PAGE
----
Tectonic hazards/Tsunami

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Tsunami that occurred in 2004 in Thailand. The water of the wave can be seen in the palm trees in the background.
Animation of the 2011 Sendai tsunami. [1]

A tsunami is a chain of fast moving waves in the ocean caused by powerful earthquakes or volcanic eruptions. Tsunami has a very long wave. It can be hundreds of kilometers long. Usually, tsunami starts suddenly. The waves travel at a great speed across an ocean with little energy loss. They can remove sand from beaches, destroy trees, toss and drag vehicles, damage houses and even destroy whole towns.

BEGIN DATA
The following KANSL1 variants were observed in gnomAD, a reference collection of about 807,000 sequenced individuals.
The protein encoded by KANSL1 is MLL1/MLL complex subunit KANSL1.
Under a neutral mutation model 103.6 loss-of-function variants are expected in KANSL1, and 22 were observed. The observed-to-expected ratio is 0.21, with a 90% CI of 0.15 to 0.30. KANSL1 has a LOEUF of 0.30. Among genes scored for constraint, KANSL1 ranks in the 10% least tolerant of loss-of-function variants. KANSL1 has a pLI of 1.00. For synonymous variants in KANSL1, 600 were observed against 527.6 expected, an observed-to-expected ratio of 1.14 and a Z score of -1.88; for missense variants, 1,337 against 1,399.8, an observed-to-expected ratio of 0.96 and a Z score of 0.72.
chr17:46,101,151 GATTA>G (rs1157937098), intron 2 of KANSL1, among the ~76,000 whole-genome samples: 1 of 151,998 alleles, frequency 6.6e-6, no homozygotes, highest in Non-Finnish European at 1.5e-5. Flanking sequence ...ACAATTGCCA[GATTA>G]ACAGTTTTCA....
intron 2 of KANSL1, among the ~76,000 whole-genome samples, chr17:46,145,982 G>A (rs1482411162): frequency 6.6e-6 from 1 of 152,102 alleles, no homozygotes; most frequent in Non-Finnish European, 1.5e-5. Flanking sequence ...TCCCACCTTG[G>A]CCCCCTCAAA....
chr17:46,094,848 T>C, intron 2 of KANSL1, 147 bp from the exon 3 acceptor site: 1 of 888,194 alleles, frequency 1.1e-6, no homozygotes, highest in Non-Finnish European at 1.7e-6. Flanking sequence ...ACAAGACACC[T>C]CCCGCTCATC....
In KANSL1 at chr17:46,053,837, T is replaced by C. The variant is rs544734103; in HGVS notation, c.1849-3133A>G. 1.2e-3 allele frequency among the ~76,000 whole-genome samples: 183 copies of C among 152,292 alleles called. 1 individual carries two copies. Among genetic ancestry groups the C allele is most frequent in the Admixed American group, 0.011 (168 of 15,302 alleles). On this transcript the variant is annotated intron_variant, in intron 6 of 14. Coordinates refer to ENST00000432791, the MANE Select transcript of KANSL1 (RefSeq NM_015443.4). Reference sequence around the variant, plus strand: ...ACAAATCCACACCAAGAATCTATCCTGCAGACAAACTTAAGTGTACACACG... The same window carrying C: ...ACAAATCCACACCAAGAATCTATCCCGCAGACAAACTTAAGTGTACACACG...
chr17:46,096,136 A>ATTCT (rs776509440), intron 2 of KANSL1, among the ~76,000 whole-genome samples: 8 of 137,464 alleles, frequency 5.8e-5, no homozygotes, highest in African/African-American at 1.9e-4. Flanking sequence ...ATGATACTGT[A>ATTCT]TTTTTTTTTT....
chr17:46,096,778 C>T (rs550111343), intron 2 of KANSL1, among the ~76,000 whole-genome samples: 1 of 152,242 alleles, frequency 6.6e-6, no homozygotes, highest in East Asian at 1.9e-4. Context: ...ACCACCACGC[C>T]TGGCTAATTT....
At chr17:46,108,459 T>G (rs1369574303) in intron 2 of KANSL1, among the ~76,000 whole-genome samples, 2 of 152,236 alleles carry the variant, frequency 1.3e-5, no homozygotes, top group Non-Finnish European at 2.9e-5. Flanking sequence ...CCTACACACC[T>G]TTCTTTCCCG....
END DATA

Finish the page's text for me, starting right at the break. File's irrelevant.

The water will draw back from the coast half of the wave period prior to the wave getting to the coast. If the slope of the coast is not deep, the water may pull back for hundreds of metres. People who do not know of the danger will often remain at the shore.

Tsunamis can not be prevented. However, there are ways to help stop people from dying from a tsunami. Some regions with lots of tsunamis may use warning systems which may warn the population before the big waves reach the land. Because an earthquake that caused the tsunami can be felt before the wave gets to the shore, people can be warned to go somewhere safe.

Subject classification: this is a science resource.

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